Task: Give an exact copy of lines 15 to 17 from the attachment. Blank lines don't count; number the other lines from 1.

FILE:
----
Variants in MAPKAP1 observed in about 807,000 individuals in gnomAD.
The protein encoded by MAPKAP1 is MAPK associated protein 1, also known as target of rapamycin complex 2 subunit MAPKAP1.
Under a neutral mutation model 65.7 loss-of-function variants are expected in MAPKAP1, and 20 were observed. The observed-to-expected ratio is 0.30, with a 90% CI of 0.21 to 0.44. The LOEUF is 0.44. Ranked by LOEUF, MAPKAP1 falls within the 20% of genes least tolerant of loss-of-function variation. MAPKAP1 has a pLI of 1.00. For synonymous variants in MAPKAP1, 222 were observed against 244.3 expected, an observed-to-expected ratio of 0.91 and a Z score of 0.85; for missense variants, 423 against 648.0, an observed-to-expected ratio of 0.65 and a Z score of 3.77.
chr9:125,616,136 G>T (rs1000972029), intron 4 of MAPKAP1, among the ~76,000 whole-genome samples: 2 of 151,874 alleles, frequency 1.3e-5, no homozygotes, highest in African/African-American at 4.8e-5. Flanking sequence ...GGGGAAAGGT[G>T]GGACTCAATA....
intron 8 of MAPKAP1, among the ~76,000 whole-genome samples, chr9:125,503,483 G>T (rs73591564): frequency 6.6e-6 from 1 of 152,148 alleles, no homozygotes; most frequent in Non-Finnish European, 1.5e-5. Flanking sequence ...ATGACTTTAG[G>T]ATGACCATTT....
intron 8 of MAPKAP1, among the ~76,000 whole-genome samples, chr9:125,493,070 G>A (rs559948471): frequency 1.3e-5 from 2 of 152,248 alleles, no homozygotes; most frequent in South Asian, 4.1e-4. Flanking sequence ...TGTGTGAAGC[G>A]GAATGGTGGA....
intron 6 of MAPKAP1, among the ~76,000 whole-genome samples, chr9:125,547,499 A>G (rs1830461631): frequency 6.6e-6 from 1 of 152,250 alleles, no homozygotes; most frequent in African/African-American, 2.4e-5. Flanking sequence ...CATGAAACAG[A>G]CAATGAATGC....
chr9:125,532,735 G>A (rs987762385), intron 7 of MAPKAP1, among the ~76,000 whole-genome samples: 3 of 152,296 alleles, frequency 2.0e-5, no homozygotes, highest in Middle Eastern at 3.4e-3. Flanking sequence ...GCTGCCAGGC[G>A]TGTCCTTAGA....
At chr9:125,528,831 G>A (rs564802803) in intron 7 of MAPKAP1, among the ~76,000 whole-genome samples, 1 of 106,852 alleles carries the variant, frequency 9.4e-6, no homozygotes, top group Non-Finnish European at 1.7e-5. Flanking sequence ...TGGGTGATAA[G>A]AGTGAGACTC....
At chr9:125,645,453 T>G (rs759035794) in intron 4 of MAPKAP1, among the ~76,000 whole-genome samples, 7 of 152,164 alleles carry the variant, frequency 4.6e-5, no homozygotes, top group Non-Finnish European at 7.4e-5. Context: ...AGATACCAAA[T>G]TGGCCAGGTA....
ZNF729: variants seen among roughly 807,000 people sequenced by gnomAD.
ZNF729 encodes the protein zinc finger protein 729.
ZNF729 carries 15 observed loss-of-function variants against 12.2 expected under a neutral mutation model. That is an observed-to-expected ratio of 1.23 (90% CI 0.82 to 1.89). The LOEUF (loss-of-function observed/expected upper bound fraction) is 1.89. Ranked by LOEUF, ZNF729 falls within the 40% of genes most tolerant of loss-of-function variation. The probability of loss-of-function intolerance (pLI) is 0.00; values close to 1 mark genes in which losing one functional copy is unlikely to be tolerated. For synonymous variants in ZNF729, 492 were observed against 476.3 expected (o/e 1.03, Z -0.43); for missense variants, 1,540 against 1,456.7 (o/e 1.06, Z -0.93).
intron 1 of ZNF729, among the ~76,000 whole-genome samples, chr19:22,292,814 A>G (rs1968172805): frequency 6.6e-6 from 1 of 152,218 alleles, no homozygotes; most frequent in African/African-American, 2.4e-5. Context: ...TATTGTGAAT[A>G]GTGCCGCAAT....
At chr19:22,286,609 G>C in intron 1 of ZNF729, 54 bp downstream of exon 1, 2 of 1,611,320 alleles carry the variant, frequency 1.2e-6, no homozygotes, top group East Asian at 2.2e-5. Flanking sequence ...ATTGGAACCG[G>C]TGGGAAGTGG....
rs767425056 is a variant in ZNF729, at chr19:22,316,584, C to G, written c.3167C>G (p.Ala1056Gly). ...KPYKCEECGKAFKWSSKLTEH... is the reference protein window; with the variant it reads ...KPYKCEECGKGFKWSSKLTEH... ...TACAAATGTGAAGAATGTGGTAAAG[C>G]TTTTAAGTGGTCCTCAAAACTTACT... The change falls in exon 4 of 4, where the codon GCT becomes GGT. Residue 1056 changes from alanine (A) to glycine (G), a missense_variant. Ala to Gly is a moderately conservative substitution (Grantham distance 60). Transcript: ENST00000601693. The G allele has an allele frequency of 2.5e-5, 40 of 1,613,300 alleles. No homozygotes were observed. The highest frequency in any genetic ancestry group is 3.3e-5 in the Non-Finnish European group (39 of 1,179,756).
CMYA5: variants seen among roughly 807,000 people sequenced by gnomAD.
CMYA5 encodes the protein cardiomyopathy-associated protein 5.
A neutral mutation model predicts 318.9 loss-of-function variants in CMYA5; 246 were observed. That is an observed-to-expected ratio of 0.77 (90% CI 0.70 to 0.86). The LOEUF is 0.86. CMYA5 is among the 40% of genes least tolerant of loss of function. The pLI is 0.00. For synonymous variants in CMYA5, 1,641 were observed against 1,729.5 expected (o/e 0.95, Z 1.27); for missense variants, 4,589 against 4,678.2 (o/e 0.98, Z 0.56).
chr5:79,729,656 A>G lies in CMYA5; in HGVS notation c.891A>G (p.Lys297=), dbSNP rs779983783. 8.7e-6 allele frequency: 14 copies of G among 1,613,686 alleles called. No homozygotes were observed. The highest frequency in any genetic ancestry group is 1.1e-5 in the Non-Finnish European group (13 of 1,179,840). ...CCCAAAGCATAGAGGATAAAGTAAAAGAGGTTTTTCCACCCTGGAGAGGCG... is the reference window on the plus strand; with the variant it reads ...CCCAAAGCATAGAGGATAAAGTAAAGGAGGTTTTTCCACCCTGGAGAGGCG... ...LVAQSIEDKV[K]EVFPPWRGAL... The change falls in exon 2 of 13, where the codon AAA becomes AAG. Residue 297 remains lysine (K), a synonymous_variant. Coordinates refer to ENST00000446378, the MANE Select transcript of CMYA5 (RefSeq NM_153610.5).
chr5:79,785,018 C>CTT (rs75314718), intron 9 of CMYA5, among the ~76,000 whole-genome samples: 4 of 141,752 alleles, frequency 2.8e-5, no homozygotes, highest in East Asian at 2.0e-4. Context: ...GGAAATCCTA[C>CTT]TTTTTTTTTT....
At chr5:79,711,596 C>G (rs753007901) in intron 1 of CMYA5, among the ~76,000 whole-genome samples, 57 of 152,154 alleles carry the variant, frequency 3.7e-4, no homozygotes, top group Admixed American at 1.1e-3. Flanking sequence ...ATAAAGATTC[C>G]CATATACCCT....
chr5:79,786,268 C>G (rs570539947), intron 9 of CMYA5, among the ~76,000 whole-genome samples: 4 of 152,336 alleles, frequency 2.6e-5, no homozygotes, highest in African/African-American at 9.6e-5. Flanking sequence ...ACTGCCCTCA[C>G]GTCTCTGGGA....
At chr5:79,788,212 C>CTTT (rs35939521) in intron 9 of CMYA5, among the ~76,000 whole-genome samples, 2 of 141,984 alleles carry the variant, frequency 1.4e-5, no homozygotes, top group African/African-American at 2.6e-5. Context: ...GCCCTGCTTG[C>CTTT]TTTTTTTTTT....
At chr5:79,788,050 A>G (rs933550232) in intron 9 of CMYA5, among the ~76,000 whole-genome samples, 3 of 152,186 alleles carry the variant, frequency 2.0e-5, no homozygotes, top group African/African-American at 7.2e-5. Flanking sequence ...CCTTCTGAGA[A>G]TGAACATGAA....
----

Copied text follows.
At chr19:22,286,609 G>C in intron 1 of ZNF729, 54 bp downstream of exon 1, 2 of 1,611,320 alleles carry the variant, frequency 1.2e-6, no homozygotes, top group East Asian at 2.2e-5. Flanking sequence ...ATTGGAACCG[G>C]TGGGAAGTGG....
rs767425056 is a variant in ZNF729, at chr19:22,316,584, C to G, written c.3167C>G (p.Ala1056Gly). ...KPYKCEECGKAFKWSSKLTEH... is the reference protein window; with the variant it reads ...KPYKCEECGKGFKWSSKLTEH... ...TACAAATGTGAAGAATGTGGTAAAG[C>G]TTTTAAGTGGTCCTCAAAACTTACT... The change falls in exon 4 of 4, where the codon GCT becomes GGT. Residue 1056 changes from alanine (A) to glycine (G), a missense_variant. Ala to Gly is a moderately conservative substitution (Grantham distance 60). Transcript: ENST00000601693. The G allele has an allele frequency of 2.5e-5, 40 of 1,613,300 alleles. No homozygotes were observed. The highest frequency in any genetic ancestry group is 3.3e-5 in the Non-Finnish European group (39 of 1,179,756).
CMYA5: variants seen among roughly 807,000 people sequenced by gnomAD.